Also called a portfolio manager and money manager, the individual who manages a
portfolio of investments.


Investment product line (IPML)

The line of required returns for investment projects as a function of beta
(nondiversifiable risk).


Investment tax credit

Proportion of new capital investment that can be used to reduce a company's tax bill
(abolished in 1986).


Investment trust

A closed-end fund regulated by the investment Company Act of 1940. These funds have a
fixed number of shares which are traded on the secondary markets similarly to corporate stocks. The market
price may exceed the net asset value per share, in which case it is considered at a "premium." When the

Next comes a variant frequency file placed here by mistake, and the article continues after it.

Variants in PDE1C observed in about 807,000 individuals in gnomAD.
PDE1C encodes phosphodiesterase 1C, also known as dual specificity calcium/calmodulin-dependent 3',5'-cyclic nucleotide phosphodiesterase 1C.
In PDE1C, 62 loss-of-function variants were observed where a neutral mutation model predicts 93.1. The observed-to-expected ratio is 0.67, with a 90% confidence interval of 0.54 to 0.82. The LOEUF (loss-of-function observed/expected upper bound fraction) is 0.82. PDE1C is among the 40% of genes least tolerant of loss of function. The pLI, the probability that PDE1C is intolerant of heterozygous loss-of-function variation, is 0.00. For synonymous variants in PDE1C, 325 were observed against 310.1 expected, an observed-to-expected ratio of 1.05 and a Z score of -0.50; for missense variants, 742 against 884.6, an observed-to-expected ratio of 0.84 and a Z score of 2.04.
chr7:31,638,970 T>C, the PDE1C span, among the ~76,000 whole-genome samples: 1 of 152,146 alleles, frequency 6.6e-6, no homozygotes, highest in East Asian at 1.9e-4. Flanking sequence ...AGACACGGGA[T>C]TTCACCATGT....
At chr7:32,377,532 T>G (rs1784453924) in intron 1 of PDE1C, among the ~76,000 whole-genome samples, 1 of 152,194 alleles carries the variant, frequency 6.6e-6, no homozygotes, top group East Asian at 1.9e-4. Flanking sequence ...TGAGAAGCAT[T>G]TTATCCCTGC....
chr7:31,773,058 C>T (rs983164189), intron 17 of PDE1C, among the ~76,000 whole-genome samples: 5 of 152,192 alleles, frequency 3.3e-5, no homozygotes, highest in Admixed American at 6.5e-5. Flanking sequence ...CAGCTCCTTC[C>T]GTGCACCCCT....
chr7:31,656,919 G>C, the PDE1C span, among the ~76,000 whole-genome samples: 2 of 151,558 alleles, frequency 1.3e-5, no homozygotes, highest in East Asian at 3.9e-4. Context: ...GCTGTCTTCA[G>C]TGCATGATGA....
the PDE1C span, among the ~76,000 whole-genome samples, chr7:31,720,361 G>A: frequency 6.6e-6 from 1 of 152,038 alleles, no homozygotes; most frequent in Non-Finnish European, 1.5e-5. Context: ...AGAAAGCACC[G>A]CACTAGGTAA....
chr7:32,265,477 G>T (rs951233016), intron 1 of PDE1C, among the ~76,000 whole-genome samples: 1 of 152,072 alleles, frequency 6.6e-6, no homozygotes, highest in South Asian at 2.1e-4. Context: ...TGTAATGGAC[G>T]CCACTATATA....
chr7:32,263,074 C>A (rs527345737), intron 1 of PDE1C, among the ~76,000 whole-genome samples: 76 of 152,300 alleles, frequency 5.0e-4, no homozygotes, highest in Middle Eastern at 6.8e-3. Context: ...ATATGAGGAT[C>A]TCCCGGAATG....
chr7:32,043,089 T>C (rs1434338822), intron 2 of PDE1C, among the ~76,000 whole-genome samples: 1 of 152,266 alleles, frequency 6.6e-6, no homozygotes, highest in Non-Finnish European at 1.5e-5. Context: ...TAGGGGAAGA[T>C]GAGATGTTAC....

market price falls below the NAV/share, it is at a "discount." Many closed-end funds are of a specialized
nature, with the portfolio representing a particular industry, country, etc. These funds are usually listed on US
and foreign exchanges.


Investment value

Related:straight value.


Investments

As a discipline, the study of financial securities, such as stocks and bonds, from the investor's
viewpoint. This area deals with the firm's financing decision, but from the other side of the transaction.


Legal investments

investments that a regulated entity is permitted to make under the rules and regulations
that govern its investing.



Long-term financial plan

Financial plan covering two or more years of future operations.


Materials requirement planning

Computer-based systems that plan backward from the production schedule
to make purchases in order to manage inventory levels.


Money purchase plan